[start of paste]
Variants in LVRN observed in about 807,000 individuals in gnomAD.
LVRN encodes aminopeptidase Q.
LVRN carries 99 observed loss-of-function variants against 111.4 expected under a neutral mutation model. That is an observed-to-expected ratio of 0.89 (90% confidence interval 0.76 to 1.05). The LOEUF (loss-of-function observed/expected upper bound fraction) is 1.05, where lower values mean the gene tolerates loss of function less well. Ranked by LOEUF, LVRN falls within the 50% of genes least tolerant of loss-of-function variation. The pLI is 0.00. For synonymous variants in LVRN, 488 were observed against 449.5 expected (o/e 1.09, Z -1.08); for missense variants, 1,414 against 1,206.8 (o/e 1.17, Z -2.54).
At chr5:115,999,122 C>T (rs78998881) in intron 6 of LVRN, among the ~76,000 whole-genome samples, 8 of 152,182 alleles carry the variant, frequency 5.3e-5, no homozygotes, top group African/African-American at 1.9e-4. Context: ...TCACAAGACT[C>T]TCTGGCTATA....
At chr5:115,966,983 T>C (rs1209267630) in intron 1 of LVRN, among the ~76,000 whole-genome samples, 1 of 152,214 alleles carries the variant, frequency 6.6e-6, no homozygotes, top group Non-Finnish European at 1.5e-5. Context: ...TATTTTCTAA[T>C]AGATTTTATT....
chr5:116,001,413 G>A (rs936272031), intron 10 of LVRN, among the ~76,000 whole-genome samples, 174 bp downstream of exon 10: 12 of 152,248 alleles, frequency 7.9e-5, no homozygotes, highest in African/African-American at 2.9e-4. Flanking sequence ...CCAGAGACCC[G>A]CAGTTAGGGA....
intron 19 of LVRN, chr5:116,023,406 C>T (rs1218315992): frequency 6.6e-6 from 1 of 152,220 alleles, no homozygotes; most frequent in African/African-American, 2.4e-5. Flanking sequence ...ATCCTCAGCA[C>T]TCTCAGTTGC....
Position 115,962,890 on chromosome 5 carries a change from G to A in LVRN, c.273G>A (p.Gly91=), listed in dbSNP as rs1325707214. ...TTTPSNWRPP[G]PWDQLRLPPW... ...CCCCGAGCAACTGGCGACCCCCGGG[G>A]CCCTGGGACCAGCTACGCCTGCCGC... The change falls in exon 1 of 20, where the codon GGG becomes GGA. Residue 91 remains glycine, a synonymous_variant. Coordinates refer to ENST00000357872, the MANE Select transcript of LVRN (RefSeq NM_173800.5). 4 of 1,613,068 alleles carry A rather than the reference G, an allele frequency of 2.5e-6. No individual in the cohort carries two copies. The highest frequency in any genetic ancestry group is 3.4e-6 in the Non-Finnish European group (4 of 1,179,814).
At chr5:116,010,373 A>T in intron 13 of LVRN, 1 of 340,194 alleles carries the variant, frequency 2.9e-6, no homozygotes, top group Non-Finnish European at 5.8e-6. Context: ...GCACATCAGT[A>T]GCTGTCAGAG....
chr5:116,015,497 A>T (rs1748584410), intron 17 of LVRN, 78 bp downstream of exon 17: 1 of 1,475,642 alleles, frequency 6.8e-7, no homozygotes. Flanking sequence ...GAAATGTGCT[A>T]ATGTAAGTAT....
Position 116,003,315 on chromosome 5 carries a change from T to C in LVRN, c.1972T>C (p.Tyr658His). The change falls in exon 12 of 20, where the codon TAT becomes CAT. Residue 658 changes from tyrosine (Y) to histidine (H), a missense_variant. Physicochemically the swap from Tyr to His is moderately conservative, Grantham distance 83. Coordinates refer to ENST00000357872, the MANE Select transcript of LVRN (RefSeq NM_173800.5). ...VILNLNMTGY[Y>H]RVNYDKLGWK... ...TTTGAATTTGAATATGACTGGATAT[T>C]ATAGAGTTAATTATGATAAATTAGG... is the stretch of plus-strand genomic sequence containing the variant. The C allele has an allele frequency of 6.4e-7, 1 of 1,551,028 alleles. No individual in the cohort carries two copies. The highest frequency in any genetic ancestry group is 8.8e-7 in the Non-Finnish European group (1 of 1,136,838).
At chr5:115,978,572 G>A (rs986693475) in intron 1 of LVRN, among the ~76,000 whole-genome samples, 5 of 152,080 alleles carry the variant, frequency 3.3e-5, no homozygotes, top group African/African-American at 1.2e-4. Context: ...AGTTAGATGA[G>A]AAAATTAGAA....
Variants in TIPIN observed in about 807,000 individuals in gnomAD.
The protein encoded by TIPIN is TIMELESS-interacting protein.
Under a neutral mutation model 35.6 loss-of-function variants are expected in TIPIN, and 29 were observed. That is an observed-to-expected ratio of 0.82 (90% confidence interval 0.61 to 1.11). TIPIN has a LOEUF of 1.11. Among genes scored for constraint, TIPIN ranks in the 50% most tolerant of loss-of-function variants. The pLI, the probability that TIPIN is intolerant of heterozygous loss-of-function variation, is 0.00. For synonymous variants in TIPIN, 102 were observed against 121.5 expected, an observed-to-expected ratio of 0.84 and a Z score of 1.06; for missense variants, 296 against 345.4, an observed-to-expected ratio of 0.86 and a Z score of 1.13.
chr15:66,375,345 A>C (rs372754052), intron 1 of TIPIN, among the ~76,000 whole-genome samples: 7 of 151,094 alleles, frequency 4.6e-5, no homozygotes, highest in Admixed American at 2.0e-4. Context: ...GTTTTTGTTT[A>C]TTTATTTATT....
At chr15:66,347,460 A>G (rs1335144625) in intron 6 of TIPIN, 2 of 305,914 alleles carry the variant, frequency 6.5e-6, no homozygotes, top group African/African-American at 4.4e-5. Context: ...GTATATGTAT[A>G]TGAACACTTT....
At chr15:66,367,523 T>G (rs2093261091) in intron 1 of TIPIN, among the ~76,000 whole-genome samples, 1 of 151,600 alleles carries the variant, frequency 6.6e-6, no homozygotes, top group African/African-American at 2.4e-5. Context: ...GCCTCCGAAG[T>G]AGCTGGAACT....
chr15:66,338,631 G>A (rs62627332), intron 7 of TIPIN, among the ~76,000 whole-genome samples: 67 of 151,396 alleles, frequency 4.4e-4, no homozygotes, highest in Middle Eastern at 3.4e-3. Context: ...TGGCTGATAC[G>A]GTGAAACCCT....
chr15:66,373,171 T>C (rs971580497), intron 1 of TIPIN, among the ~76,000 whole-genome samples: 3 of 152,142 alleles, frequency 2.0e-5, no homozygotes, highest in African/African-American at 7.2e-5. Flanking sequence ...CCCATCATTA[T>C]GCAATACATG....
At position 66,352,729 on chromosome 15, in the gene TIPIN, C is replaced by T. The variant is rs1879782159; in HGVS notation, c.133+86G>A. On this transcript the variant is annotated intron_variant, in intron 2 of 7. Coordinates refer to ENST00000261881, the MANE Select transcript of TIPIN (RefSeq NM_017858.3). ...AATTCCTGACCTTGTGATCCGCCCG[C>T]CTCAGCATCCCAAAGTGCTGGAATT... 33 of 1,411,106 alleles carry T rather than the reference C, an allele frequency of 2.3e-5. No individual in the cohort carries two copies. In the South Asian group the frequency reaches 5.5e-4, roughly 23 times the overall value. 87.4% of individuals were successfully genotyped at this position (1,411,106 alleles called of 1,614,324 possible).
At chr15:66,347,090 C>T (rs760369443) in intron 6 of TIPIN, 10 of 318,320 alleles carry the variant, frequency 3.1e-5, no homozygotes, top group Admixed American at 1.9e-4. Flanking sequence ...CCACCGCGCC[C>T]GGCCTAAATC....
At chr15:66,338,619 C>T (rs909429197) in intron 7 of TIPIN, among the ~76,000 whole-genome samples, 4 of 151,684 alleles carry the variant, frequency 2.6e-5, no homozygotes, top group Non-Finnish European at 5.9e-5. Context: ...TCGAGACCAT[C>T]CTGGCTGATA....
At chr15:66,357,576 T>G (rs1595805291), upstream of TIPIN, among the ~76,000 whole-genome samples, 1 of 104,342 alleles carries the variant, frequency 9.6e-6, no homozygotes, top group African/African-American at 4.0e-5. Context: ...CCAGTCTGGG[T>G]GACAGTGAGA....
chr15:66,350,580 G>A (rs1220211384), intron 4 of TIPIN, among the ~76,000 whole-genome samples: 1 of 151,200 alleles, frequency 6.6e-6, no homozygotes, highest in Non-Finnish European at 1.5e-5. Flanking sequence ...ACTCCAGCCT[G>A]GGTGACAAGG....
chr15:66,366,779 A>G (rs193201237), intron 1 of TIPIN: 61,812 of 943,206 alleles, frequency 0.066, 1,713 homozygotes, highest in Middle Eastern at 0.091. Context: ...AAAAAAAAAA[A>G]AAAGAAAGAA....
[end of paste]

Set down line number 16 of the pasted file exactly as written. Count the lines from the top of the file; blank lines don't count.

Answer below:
chr15:66,375,345 A>C (rs372754052), intron 1 of TIPIN, among the ~76,000 whole-genome samples: 7 of 151,094 alleles, frequency 4.6e-5, no homozygotes, highest in Admixed American at 2.0e-4. Context: ...GTTTTTGTTT[A>C]TTTATTTATT....